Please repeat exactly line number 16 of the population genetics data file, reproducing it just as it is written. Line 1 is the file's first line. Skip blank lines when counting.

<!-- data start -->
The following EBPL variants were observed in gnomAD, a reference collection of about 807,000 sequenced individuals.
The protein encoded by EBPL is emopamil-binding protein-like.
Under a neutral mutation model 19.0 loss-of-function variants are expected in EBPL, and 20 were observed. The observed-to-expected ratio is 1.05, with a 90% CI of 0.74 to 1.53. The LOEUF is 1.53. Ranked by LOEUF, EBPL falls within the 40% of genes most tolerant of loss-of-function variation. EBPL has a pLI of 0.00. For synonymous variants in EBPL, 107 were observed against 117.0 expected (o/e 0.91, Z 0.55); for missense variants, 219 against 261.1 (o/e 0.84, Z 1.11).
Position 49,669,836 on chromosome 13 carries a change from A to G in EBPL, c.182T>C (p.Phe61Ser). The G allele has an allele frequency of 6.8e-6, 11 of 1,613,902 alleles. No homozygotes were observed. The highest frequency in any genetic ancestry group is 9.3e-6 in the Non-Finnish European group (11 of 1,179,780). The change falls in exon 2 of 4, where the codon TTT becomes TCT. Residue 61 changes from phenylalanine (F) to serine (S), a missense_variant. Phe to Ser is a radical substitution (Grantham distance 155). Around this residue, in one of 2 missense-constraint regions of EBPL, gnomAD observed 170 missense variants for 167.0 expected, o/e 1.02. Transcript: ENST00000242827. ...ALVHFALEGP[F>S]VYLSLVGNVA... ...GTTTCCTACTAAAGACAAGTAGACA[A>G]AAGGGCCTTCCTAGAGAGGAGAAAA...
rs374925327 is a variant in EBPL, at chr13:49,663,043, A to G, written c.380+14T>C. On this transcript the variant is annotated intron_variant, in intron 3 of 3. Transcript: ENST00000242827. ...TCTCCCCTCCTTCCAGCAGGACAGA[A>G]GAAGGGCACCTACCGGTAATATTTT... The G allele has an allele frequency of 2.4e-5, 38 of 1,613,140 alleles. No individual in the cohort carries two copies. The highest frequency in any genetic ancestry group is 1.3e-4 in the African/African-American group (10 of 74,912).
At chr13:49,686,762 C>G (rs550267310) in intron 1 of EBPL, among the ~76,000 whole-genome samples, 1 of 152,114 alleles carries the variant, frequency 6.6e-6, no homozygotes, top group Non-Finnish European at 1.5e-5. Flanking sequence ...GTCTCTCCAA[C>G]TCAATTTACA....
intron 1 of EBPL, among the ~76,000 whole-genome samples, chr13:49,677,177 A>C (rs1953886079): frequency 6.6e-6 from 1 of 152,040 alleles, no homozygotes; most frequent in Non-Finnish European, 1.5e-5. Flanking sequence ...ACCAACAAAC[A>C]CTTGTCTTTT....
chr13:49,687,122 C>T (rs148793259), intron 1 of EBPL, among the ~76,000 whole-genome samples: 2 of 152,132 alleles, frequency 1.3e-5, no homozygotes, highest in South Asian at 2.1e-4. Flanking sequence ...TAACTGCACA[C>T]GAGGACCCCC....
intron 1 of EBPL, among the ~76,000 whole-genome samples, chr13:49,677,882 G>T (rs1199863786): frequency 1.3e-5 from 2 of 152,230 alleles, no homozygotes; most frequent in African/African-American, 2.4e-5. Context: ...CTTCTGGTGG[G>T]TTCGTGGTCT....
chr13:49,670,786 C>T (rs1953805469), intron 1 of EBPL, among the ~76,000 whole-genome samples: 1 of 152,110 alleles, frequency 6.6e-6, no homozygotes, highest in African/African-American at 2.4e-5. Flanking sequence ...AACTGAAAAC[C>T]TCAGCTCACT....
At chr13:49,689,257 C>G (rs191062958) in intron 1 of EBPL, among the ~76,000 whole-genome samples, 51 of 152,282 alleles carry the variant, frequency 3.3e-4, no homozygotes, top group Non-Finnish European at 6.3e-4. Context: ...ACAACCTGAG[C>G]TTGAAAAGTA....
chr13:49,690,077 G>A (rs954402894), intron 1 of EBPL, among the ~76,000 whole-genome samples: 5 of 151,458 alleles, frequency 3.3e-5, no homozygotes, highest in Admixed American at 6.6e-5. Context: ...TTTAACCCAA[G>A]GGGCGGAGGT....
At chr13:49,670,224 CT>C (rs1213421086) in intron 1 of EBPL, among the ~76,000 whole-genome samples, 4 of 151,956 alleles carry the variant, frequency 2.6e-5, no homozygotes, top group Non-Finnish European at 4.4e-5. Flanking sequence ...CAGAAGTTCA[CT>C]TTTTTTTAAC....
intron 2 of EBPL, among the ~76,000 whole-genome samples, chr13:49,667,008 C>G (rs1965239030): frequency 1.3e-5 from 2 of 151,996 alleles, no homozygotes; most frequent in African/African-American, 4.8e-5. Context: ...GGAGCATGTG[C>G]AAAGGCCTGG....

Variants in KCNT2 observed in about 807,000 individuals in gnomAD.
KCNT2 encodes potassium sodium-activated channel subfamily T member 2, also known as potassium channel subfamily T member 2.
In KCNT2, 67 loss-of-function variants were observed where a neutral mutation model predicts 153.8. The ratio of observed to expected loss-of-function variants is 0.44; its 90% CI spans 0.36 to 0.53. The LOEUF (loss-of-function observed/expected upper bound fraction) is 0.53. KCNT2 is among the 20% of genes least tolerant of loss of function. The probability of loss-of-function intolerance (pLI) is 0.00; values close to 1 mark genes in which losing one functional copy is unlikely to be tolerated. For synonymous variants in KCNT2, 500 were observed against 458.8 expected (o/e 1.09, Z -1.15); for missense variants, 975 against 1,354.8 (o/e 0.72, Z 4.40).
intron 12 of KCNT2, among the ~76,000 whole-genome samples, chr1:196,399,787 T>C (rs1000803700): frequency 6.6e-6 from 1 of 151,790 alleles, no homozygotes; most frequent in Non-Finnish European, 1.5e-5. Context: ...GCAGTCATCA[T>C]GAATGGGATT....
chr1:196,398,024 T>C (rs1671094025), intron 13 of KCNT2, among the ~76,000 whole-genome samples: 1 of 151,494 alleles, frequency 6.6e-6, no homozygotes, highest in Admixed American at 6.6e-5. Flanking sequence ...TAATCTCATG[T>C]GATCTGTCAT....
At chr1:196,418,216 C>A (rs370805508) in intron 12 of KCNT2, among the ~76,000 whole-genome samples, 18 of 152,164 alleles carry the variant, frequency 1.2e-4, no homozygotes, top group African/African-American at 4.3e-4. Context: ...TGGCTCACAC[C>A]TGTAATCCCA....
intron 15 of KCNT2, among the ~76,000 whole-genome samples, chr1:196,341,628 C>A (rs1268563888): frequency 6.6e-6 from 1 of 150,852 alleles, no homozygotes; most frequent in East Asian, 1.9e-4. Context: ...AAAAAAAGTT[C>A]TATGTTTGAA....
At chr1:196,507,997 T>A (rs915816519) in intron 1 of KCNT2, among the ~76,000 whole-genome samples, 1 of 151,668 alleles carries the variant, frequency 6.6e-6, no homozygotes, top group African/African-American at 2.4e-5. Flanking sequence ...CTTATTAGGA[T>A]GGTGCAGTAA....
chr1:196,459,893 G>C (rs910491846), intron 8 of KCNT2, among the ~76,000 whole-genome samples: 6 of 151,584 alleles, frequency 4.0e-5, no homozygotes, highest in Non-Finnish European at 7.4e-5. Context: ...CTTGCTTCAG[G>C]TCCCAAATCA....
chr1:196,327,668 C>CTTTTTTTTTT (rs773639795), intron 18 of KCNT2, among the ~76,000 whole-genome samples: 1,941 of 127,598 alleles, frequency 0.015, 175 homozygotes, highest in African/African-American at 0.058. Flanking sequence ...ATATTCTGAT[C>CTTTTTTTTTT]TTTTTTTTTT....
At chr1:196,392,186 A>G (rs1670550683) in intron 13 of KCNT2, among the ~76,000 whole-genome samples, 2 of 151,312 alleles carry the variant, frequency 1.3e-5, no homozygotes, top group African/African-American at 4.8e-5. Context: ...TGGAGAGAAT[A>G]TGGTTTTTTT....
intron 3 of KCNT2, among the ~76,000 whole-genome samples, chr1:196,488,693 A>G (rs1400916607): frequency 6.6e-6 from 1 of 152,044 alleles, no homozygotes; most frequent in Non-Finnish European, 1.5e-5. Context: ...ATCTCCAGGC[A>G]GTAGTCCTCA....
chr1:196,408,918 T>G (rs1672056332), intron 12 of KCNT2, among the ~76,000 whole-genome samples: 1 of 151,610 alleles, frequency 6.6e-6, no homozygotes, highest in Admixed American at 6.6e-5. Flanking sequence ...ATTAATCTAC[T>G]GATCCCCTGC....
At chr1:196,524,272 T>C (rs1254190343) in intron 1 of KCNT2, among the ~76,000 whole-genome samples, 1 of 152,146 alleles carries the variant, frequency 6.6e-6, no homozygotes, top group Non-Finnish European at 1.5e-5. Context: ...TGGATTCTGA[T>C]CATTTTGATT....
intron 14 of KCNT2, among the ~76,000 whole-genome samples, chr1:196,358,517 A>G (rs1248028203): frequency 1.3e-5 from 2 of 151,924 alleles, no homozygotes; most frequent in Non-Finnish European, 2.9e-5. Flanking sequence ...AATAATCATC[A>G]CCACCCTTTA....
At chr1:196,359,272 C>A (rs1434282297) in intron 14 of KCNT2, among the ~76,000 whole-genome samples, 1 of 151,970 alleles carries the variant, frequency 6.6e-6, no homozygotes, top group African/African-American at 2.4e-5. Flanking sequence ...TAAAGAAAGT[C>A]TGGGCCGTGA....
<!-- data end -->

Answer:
KCNT2 encodes potassium sodium-activated channel subfamily T member 2, also known as potassium channel subfamily T member 2.